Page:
My work is actually made of two strands: on one hand, the story of a land, tormented by an underworld pollution, that’s sentencing the inhabitants to death. On the other hand, my purpose is to tell the story of its inhabitants: young children who died of cancer; inconsolable but courageous mothers, who unceasingly march and protest against this massacre; ill people, daily fighting to keep alive; teenagers who lost their parents and claim a better future. All these people united by the same destiny and by such a strong attachment to their origins that if you dare ask them why they don’t decide to move somewhere else, you might get an answer like “And where shall I go?”.




Stefano Schirato was born in Bologna in 1974, where he graduated in Political Sciences.
He has been working as a freelance photographer with a keen focus on social themes.
 After several reportages covering topics such as the condition of the street children living in the sewers of Bucharest, he was  awarded with a scholarship to take part in a course with Magnum photographer Paolo Pellegrin.
In 1999, together with the Non-Governmental Organization New Humanity and in support of Emergency, he proposed to witness the drama of landmines in Cambodia. This work gave birth to his first book, Gli occhi della Cambogia, with a preface by Ferdinando Scianna.
Starting from 2000 he devoted himself to a long-term project about seized ships which was to take him, over the next two years, in various mediterranean ports in order to document the life of maritime prisoners on board.
In 2002 he met the Oscar-winning film director Giuseppe Tornatore, who examined his images and encouraged their publication.
 The same year, the publisher Silvana Editoriale launched his new book entitled Né in terra, né in mare (neither on sea nor land) with an essay by G. Tornatore.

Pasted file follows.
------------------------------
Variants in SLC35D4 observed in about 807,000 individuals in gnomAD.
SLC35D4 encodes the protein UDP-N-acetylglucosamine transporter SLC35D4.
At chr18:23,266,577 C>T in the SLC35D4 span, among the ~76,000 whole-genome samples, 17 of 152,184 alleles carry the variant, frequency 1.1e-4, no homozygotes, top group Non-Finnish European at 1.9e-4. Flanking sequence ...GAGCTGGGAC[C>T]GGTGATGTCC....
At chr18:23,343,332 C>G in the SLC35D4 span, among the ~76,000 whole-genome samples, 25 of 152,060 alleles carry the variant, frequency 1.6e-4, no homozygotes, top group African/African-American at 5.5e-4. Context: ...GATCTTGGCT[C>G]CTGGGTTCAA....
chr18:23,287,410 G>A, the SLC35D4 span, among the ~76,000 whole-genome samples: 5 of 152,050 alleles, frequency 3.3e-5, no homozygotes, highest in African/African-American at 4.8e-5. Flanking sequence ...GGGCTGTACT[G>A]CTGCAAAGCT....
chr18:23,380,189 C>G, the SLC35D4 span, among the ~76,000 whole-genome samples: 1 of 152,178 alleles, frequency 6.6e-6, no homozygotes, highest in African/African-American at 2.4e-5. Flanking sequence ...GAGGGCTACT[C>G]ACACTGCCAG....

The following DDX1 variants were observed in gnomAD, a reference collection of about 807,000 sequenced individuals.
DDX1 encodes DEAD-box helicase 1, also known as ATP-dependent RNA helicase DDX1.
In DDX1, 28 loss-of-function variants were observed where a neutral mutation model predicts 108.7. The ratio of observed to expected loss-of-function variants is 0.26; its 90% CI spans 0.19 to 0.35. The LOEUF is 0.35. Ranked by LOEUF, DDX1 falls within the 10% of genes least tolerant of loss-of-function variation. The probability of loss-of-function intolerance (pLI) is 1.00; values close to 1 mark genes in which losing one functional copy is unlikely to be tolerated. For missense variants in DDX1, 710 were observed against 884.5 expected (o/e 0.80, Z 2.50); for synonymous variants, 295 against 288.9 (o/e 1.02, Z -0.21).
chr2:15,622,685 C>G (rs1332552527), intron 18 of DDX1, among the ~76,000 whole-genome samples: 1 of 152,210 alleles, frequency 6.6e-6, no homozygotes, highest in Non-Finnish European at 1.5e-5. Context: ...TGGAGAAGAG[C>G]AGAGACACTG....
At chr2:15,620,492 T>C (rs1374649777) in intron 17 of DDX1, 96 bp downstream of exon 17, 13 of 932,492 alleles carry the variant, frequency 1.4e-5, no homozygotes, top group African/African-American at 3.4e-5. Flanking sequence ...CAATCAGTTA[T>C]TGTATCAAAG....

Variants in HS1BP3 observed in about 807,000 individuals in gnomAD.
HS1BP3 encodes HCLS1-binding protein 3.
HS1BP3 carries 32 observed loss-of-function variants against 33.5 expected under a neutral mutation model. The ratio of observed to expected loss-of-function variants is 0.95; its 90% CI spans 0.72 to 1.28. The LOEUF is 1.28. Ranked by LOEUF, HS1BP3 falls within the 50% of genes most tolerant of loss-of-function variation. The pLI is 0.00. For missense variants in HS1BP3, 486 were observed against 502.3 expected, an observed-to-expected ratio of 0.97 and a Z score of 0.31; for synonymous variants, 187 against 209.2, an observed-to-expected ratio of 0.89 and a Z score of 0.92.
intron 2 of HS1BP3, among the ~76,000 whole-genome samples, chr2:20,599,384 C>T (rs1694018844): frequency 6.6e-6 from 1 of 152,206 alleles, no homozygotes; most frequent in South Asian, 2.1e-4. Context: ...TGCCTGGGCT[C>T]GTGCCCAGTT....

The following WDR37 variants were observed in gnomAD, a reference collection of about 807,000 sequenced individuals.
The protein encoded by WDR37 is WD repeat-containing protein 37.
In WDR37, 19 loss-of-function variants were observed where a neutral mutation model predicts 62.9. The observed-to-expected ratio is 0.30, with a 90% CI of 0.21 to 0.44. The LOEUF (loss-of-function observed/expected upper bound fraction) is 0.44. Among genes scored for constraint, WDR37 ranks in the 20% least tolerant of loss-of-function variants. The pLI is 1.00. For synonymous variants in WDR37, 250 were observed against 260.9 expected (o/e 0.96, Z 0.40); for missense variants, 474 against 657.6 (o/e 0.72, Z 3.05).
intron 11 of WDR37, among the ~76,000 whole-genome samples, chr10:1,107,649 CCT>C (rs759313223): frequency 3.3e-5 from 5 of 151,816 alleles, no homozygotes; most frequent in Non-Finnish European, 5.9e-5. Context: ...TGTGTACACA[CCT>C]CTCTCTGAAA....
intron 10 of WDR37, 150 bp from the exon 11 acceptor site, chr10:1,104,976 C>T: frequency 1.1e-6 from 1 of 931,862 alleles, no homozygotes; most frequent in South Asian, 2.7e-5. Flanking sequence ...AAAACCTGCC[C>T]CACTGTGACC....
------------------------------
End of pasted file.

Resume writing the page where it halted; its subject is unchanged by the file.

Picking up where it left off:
In the last years has been divided between social issues and still photography and backstage of G. Tornatore’s movies. His works have appeared on Vanity Fair, Panorama, D La Repubblica delle Donne, Il Manifesto, International Herald Tribune, New York Times, Cnn, Le Figarò Magazine, Washington Post, Geo International. His last work on the Refugee Crisis along the Balkan Route “One Way Only” has been exposed in the Chamber of Deputies in Rome by the President Laura Boldrini.


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Stefano Schirato

14&15 Mobile Photographers – #1415IRAN

Photo by @ayda_rasulii

Photo by @ayda_rasulii

14&15 Mobile Photographers


A photographic book and a permanent observatory on today’s Iran, made by Iranian photographers. Using their smartphones, they tell the story of the daily life of a country caught between modernity and tradition; the richness of a collective memory in continuous growing Iran, which is one of those countries that we know very little about. It possesses incredible photographic talent that has found a way of expressing itself with smartphones and shares its vision with hundreds of thousands of people on Instagram. The audience is mostly young adults, college students, some of them are photographers or want to be, and others are involved in social issues. A lot of these people have organized themselves in photographic groups, worked on projects for Instagram that have later being exhibited on photographic gallery. We aim to show the face of a different Iran. Not the one shown by outside media experts, giving their own iconographic interpretation of the country. Not the one shown by a single photographer hand-picked by media as the professional “witness” to tell a story that does not belong to him, published in a magazine and cleverly packaged to meet its editorial policy. We aim to show Iran in the same way as seen by Iranians, through their photographic talent.

Inviting the large number of Iranian followers of our Instagram page, we launched the hashtag, #1415IRAN, for six months, and collected over 16,000 images from more than 300 Instagramers. This reflected an incredible visual richness and provided eyewitness accounts of life, tastes, habits, entertainment, traditions, healthcare, women, family life, modernity, country life, religion, and street life from the people of Iran.

Even after the deadline closed in August 2016, new images are still coming in every day. This is a sign of the productivity of Iranian mobile photographers and their desire to establish real, as well as virtual relationships with the outside world. They seek professional opportunities, as a way of belonging to a wider world.

The publication of a book involves a drastic selection of images, reducing the number of 16,000 to 80-100 photographs. A mass of precious material will be lost in the Instagram sea. Somehow this is a waste, dissipating richness and a knowledge available for everyone. For this reason, we want to open a permanent observatory, a website as an open window on the imagery produced daily in Iran. It will be the second step. At the moment we are concentrating only on the book, as it can be the first place to preserve part of this collection of images. It can also contribute to a better understanding of Iran and in doing so, eliminate a series of clichés.